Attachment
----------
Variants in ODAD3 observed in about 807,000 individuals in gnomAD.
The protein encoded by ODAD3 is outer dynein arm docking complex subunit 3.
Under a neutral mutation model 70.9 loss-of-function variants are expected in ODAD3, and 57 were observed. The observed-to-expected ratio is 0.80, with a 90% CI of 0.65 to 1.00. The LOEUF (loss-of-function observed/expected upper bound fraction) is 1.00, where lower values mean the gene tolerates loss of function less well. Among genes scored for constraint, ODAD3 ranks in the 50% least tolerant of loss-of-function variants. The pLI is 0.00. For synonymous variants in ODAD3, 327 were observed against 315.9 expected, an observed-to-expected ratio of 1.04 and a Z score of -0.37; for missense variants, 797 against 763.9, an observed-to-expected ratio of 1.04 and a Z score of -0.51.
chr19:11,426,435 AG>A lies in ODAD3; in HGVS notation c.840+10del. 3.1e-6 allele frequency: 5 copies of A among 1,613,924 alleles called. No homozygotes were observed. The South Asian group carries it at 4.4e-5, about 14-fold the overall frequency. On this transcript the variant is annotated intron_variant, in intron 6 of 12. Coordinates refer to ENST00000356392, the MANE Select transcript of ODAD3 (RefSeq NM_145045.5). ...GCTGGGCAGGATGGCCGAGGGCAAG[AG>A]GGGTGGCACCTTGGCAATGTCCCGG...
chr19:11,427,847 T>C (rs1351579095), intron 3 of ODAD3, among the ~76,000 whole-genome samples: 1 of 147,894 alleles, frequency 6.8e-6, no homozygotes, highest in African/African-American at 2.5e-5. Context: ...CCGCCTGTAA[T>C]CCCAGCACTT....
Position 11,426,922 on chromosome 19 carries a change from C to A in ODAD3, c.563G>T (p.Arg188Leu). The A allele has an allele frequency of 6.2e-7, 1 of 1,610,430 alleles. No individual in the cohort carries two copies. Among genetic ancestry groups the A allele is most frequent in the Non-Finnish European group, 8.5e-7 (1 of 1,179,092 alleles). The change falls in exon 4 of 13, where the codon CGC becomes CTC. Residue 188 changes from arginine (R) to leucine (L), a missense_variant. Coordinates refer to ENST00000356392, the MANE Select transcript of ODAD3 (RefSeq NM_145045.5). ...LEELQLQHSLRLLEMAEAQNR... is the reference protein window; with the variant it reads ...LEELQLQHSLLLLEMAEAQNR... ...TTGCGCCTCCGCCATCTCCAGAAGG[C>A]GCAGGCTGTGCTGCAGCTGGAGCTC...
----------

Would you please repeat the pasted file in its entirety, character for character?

Variants in ODAD3 observed in about 807,000 individuals in gnomAD.
The protein encoded by ODAD3 is outer dynein arm docking complex subunit 3.
Under a neutral mutation model 70.9 loss-of-function variants are expected in ODAD3, and 57 were observed. The observed-to-expected ratio is 0.80, with a 90% CI of 0.65 to 1.00. The LOEUF (loss-of-function observed/expected upper bound fraction) is 1.00, where lower values mean the gene tolerates loss of function less well. Among genes scored for constraint, ODAD3 ranks in the 50% least tolerant of loss-of-function variants. The pLI is 0.00. For synonymous variants in ODAD3, 327 were observed against 315.9 expected, an observed-to-expected ratio of 1.04 and a Z score of -0.37; for missense variants, 797 against 763.9, an observed-to-expected ratio of 1.04 and a Z score of -0.51.
chr19:11,426,435 AG>A lies in ODAD3; in HGVS notation c.840+10del. 3.1e-6 allele frequency: 5 copies of A among 1,613,924 alleles called. No homozygotes were observed. The South Asian group carries it at 4.4e-5, about 14-fold the overall frequency. On this transcript the variant is annotated intron_variant, in intron 6 of 12. Coordinates refer to ENST00000356392, the MANE Select transcript of ODAD3 (RefSeq NM_145045.5). ...GCTGGGCAGGATGGCCGAGGGCAAG[AG>A]GGGTGGCACCTTGGCAATGTCCCGG...
chr19:11,427,847 T>C (rs1351579095), intron 3 of ODAD3, among the ~76,000 whole-genome samples: 1 of 147,894 alleles, frequency 6.8e-6, no homozygotes, highest in African/African-American at 2.5e-5. Context: ...CCGCCTGTAA[T>C]CCCAGCACTT....
Position 11,426,922 on chromosome 19 carries a change from C to A in ODAD3, c.563G>T (p.Arg188Leu). The A allele has an allele frequency of 6.2e-7, 1 of 1,610,430 alleles. No individual in the cohort carries two copies. Among genetic ancestry groups the A allele is most frequent in the Non-Finnish European group, 8.5e-7 (1 of 1,179,092 alleles). The change falls in exon 4 of 13, where the codon CGC becomes CTC. Residue 188 changes from arginine (R) to leucine (L), a missense_variant. Coordinates refer to ENST00000356392, the MANE Select transcript of ODAD3 (RefSeq NM_145045.5). ...LEELQLQHSLRLLEMAEAQNR... is the reference protein window; with the variant it reads ...LEELQLQHSLLLLEMAEAQNR... ...TTGCGCCTCCGCCATCTCCAGAAGG[C>A]GCAGGCTGTGCTGCAGCTGGAGCTC...